There is an interest group lobbying in Phoenix to get special protections. Indeed, they want the state to become Big Brother, suspend the First Amendment, and police language. They actually want the government to imprison people who speak in a way they find offensive.
You might think I’m making this up. You might think this is a bad rip off of George Orwell’s novel “1984” and its oppressive Thought Police. Yet you would be wrong to think this is fiction. The madness that started in Missouri has now spread to Arizona.
Some legislators in Phoenix want to criminalize the use of the word “meat” and related terms if used in a way they don’t like. Specifically, they want anyone who sells a package that says “veggie burger” or “tofu sausage” to be arrested, prosecuted, and thrown in jail.
These bills — in Arizona’s case, HB 2604 — smack of the controlled economy of the Soviet Union, favoring one industry over another, free speech and free markets be damned.
It raises the question: Do the legislators really think their constituents can’t tell that plant-based “Chick’n” didn’t come from a slaughtered chicken?
Even if they really do think the people of Arizona can’t tell Tofurky from turkey, there are already federal laws prohibiting deceptive packaging and marketing of products. That’s right — it is already against the law to deceive consumers.
So what is really going on here? At the risk of doing hard time, I have to say this question gets to the meat of the matter. This bill is simply anti-competitive, anti-capitalism, nanny-state protectionism.
Arizona is attempting to follow in the footsteps of Missouri, which last year passed a bill criminalizing veggie burgers and soy dogs. Promoting this bill, Missouri State Rep. Greg Razer was happy to confirm that consumers weren’t the ones he’s trying to protect: “We have to protect our cattle industry, our hog farmers, our chicken industry.”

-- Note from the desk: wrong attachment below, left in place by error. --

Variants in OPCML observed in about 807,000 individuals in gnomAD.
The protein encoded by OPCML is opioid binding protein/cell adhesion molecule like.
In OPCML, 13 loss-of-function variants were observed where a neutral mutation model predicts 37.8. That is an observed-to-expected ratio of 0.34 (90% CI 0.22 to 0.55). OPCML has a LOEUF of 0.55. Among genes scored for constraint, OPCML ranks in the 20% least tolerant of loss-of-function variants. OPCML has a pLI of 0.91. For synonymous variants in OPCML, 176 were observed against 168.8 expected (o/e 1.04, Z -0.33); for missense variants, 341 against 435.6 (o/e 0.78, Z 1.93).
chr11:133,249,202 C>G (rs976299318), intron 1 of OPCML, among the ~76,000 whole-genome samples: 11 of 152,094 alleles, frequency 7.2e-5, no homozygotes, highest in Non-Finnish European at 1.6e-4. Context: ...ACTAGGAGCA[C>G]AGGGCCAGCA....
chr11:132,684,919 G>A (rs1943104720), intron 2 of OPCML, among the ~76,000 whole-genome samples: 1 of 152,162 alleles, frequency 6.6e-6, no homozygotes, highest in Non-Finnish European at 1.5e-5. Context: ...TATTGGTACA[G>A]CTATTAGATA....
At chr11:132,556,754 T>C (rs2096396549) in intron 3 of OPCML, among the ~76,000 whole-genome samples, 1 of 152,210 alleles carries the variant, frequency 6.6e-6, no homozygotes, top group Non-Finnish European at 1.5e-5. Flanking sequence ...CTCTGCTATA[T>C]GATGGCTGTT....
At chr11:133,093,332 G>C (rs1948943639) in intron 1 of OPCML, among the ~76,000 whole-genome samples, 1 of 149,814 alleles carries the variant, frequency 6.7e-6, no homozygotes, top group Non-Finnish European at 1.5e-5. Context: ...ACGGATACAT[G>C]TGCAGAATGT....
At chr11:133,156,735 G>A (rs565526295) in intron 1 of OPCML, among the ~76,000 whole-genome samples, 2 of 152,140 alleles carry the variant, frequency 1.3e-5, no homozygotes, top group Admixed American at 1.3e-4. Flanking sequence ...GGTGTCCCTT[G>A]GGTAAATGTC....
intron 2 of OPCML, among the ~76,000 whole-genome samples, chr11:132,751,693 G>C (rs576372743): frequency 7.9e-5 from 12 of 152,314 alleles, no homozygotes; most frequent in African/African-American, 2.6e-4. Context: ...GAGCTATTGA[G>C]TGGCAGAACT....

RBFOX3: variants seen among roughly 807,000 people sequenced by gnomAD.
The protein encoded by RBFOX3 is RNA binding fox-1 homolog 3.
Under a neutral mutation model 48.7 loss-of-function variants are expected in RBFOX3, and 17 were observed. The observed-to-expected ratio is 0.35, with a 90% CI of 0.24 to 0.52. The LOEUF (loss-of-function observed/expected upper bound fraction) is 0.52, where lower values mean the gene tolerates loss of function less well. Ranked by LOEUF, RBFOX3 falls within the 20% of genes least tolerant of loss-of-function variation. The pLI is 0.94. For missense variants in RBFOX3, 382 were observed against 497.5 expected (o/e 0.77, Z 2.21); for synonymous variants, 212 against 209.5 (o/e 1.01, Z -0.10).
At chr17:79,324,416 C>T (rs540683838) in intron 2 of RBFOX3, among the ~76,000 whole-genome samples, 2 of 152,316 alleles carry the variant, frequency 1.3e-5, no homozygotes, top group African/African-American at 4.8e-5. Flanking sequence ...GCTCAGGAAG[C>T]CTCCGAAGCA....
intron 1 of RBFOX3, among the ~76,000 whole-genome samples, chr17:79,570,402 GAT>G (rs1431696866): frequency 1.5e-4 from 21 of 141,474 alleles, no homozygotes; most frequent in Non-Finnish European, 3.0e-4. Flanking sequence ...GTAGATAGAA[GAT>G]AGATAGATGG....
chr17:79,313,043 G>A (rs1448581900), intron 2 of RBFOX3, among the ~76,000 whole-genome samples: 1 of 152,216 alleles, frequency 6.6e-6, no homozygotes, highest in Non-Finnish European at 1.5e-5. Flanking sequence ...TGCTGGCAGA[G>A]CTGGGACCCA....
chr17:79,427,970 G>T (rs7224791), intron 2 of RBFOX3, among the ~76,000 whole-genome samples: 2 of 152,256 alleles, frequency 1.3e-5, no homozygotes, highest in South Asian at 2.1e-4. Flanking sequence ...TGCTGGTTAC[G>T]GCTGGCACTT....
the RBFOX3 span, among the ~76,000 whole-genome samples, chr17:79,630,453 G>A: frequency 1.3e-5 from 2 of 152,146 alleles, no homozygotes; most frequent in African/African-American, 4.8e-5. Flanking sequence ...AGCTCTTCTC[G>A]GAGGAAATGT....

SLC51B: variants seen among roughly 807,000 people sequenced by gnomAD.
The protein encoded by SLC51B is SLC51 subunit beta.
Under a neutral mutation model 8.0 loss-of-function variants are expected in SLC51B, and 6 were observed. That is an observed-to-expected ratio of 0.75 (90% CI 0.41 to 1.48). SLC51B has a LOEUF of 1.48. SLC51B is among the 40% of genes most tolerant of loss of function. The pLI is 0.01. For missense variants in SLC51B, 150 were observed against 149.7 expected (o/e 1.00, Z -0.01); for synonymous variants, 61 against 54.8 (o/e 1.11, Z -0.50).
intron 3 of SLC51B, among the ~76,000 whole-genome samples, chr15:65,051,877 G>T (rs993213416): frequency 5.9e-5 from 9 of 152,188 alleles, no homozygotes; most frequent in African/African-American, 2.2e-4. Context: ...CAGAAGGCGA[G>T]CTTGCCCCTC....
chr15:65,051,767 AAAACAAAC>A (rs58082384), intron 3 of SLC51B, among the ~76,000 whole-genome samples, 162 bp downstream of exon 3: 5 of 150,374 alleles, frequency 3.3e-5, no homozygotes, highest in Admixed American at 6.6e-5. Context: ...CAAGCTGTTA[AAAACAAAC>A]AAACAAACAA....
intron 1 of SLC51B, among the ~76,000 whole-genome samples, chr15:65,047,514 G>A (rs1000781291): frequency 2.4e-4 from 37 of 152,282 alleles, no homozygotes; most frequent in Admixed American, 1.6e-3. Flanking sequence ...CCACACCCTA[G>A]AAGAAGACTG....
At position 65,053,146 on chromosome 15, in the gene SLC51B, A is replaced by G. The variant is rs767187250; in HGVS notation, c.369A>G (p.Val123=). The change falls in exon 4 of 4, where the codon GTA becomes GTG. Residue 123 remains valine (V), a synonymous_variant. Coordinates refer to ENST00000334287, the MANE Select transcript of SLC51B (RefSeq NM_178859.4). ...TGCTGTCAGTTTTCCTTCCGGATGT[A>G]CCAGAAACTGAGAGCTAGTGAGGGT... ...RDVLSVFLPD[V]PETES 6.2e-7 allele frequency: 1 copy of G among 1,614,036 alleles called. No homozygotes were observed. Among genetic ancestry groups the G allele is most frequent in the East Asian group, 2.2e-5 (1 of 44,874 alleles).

I understand that the pace of change in our economy has been increasing. And agriculture, in particular, has seen dramatic changes in a very short period of time. When my grandmother was a child, nearly half of the country was involved in farming. Modern agriculture would be entirely unrecognizable to her. Today, less than two percent of the population is producing vastly more food.
So it is understandable that some individuals and industries want the government to protect them from competition and further change. But we live in the United States, where free markets exist to encourage competition and provide consumers with more and better choice.
In addition to being anti-American, this bill is unconstitutional. Passage will result in bad PR for Arizona and legal bills for taxpayers — and it could lead to a spate of other labeling bills, each one at the behest of an industry or individual who doesn’t like some product or another on store shelves. That sure sounds like lose-lose to me.
Freedom of speech is embedded in our Constitution. It shouldn’t get suspended when a new technology frightens an incumbent industry.
It is truly frightening — and Orwellian — that Arizona’s Legislature would send someone to the gulag for calling a veggie burger a veggie burger.
Matt Ball works for the Good Food Institute, a nonprofit working to shift meat production to plant-based and cell-based. He lives in Tucson.